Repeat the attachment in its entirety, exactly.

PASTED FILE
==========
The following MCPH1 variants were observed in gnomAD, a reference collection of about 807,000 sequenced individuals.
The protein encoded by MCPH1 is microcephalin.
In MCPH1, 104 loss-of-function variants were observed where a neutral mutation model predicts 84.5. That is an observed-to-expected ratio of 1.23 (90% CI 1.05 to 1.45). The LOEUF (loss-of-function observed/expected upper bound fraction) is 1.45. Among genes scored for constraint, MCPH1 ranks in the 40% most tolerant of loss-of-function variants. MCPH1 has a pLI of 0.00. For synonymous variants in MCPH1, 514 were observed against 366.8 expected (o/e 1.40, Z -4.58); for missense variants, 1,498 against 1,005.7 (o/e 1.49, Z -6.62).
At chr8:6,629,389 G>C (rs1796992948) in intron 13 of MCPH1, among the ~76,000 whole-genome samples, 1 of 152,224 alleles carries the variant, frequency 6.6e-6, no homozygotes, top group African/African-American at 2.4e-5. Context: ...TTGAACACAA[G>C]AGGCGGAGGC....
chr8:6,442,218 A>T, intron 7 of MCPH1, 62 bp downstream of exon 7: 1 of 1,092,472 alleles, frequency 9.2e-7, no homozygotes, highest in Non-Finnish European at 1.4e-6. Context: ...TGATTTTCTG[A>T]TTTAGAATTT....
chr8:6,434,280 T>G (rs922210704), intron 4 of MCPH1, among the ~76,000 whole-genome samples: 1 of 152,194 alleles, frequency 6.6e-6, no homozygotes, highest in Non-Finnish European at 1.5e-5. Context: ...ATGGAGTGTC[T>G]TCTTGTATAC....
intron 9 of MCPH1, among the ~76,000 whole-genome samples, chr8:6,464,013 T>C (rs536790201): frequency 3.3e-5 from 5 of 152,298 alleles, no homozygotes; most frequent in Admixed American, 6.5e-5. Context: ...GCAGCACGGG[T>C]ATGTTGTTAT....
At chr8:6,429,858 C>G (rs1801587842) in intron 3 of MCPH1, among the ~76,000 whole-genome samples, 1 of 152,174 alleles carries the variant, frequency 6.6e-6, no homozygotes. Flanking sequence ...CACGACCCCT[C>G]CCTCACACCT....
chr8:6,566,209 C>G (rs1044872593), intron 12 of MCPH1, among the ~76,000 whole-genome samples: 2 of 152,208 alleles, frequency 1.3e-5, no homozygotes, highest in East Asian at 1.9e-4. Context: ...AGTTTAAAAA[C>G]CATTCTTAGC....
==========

The following MCPH1 variants were observed in gnomAD, a reference collection of about 807,000 sequenced individuals.
The protein encoded by MCPH1 is microcephalin.
In MCPH1, 104 loss-of-function variants were observed where a neutral mutation model predicts 84.5. That is an observed-to-expected ratio of 1.23 (90% CI 1.05 to 1.45). The LOEUF (loss-of-function observed/expected upper bound fraction) is 1.45. Among genes scored for constraint, MCPH1 ranks in the 40% most tolerant of loss-of-function variants. MCPH1 has a pLI of 0.00. For synonymous variants in MCPH1, 514 were observed against 366.8 expected (o/e 1.40, Z -4.58); for missense variants, 1,498 against 1,005.7 (o/e 1.49, Z -6.62).
At chr8:6,629,389 G>C (rs1796992948) in intron 13 of MCPH1, among the ~76,000 whole-genome samples, 1 of 152,224 alleles carries the variant, frequency 6.6e-6, no homozygotes, top group African/African-American at 2.4e-5. Context: ...TTGAACACAA[G>C]AGGCGGAGGC....
chr8:6,442,218 A>T, intron 7 of MCPH1, 62 bp downstream of exon 7: 1 of 1,092,472 alleles, frequency 9.2e-7, no homozygotes, highest in Non-Finnish European at 1.4e-6. Context: ...TGATTTTCTG[A>T]TTTAGAATTT....
chr8:6,434,280 T>G (rs922210704), intron 4 of MCPH1, among the ~76,000 whole-genome samples: 1 of 152,194 alleles, frequency 6.6e-6, no homozygotes, highest in Non-Finnish European at 1.5e-5. Context: ...ATGGAGTGTC[T>G]TCTTGTATAC....
intron 9 of MCPH1, among the ~76,000 whole-genome samples, chr8:6,464,013 T>C (rs536790201): frequency 3.3e-5 from 5 of 152,298 alleles, no homozygotes; most frequent in Admixed American, 6.5e-5. Context: ...GCAGCACGGG[T>C]ATGTTGTTAT....
At chr8:6,429,858 C>G (rs1801587842) in intron 3 of MCPH1, among the ~76,000 whole-genome samples, 1 of 152,174 alleles carries the variant, frequency 6.6e-6, no homozygotes. Flanking sequence ...CACGACCCCT[C>G]CCTCACACCT....
chr8:6,566,209 C>G (rs1044872593), intron 12 of MCPH1, among the ~76,000 whole-genome samples: 2 of 152,208 alleles, frequency 1.3e-5, no homozygotes, highest in East Asian at 1.9e-4. Context: ...AGTTTAAAAA[C>G]CATTCTTAGC....